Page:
IEEE Cases 1999 - Flight is Also Risky
A fictionalized case about an engineer who was indicted after he resigned from a company rather than turn them in for an illegal testing procedure.
Ralph Sims had worked for the US Government for many years as an engineer, rising to a fairly high managerial position. On retirement, he accepted an executive position with SuperCom, a company producing electronic equipment for the military.
Shortly after coming on board, Ralph was informed by a subordinate that, for a long time, a key test on an important product was not being made in the manner specified by the contract. This had been going on for several years and the subordinate felt very uncomfortable about it. Ralph, who had considerable expertise in the technology involved, looked into the matter carefully. It turned out that, in his previous career, he had acquired some knowledge about the specified test.
He found that, a shorter, and hence less costly, test had indeed been substituted for the required one. But, after some study, he concluded that SuperCom's test was actually as effective as the specified test. Nevertheless, by this unauthorized substitution, SuperCom was violating the contract and exposing itself both to criminal and to civil prosecution. He took his findings to upper management and urged them to apply to the contracting agency for a contract change authorizing the simpler test. Ralph felt confident that such a change would be accepted.
But his arguments were not accepted and SuperCom continued on their previous course. Ralph did not see why he should get into an unpleasant battle with the SuperCom's leaders over this, since there were no safety issues and even the quality of the product was not actually at stake. Nevertheless, he did not wish to be involved in a dishonest and probably illegal operation. Therefore, he chose the course of quietly resigning, without "turning in" the company.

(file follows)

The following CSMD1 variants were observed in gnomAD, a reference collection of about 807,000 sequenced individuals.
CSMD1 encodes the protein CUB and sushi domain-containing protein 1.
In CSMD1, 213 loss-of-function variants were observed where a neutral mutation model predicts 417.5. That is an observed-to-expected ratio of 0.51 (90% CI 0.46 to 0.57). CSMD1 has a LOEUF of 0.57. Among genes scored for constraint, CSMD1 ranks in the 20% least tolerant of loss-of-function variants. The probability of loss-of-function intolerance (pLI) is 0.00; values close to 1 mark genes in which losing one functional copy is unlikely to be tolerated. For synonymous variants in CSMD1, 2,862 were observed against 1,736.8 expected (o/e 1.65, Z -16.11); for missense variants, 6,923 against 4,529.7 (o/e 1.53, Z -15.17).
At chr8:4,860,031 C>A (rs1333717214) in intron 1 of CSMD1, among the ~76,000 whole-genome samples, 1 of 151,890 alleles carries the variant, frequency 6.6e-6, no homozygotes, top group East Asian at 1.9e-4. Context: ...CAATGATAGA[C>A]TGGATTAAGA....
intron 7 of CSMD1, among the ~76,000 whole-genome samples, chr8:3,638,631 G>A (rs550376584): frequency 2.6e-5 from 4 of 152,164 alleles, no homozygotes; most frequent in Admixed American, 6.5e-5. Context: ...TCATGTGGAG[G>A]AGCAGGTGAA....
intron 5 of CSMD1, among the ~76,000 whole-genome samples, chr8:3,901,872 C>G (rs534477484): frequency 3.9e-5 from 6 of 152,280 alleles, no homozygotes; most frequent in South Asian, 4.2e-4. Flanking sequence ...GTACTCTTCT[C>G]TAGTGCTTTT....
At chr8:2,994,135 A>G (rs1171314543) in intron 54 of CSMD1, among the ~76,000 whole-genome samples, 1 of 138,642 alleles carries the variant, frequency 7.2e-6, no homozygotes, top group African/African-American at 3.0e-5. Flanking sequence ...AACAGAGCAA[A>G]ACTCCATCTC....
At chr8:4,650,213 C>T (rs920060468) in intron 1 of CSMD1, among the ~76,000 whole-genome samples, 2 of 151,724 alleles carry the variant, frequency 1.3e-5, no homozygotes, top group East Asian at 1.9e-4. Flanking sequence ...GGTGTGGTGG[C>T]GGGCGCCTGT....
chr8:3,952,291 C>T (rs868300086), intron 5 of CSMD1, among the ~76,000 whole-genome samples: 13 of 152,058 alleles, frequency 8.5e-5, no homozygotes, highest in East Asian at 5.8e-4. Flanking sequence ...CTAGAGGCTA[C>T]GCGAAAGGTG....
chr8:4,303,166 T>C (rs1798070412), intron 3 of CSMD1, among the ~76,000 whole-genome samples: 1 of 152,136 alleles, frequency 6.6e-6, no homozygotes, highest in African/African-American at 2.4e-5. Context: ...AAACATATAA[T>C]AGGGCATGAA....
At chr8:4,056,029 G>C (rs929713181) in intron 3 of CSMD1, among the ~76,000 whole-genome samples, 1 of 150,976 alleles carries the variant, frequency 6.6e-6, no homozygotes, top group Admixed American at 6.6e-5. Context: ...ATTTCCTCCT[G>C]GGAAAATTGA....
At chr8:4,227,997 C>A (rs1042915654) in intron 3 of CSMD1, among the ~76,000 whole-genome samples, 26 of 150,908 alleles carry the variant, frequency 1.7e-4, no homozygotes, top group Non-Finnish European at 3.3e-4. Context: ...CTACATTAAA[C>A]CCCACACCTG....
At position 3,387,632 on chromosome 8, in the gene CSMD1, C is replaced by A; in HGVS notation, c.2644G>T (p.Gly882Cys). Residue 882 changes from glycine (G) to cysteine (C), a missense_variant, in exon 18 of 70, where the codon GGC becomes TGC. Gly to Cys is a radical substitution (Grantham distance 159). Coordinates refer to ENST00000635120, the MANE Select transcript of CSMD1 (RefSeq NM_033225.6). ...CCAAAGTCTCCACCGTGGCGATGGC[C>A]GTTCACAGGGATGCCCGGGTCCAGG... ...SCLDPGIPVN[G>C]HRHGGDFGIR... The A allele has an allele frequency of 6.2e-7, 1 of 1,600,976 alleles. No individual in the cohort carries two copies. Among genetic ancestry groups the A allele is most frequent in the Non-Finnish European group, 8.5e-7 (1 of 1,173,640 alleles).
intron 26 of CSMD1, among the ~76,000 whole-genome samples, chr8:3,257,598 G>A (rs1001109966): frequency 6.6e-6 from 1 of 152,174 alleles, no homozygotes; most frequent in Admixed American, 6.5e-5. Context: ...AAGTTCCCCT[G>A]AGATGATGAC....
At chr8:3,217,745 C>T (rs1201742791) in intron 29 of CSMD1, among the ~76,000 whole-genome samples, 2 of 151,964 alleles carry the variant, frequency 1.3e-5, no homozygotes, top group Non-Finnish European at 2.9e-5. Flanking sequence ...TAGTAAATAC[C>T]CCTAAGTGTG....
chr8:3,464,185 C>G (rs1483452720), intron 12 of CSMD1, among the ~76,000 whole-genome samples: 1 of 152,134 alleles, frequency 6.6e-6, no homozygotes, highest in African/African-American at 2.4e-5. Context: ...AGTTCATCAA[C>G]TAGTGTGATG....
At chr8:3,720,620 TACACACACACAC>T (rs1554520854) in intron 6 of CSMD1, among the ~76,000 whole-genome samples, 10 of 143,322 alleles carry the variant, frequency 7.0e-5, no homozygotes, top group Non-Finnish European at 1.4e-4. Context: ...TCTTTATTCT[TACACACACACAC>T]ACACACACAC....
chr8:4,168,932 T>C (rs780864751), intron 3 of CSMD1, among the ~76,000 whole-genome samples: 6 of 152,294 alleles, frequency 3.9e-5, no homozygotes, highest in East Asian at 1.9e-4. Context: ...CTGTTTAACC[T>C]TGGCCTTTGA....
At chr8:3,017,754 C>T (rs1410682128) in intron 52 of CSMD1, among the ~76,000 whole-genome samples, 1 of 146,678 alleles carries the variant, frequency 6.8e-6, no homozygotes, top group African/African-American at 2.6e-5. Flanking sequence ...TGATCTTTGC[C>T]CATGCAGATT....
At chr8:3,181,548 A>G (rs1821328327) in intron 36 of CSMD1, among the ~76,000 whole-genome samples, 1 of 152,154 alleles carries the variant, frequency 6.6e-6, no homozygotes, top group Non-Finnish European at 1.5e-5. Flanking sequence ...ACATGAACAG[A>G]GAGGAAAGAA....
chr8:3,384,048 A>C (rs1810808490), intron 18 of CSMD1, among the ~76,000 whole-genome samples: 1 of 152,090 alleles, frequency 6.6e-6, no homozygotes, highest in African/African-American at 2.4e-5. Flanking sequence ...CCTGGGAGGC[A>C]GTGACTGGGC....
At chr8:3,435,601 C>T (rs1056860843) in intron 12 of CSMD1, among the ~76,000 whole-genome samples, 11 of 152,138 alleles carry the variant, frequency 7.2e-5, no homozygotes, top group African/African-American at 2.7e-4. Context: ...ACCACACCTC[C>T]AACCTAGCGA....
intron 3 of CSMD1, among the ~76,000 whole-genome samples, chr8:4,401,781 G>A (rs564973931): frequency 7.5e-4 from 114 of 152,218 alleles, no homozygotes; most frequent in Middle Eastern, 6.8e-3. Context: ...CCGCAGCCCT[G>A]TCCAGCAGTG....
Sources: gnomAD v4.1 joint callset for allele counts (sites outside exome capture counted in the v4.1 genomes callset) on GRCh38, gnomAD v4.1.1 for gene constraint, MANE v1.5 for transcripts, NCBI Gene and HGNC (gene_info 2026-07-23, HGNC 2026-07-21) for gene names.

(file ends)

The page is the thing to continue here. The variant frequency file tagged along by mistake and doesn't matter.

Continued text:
About three years later, a SuperCom employee reported the deception to the government, and a criminal investigation was launched. When he resigned, Ralph had signed a non-disclosure agreement as a condition for receiving some severance pay. Nevertheless, when called upon by the prosecutor's office to give information about the situation, he cooperated fully.
To his dismay, when the indictments came down, he was one of the people charged with complicity in the fraud. This necessitated his hiring an attorney and undergoing both the expenses and anguish of being a defendant in a criminal case. Fortunately for him, after many months, a new prosecutor was assigned to the case. Shortly afterward, the charges against Ralph were dropped. But, meanwhile, the affair had cost him tens of thousands of dollars in out-of-pocket expenses, not to mention lost time and anxiety.
Author: Stephen H. Unger, Columbia University.
Presented at the OEC International Conference on Ethics in Engineering and Computer Science, March 1999.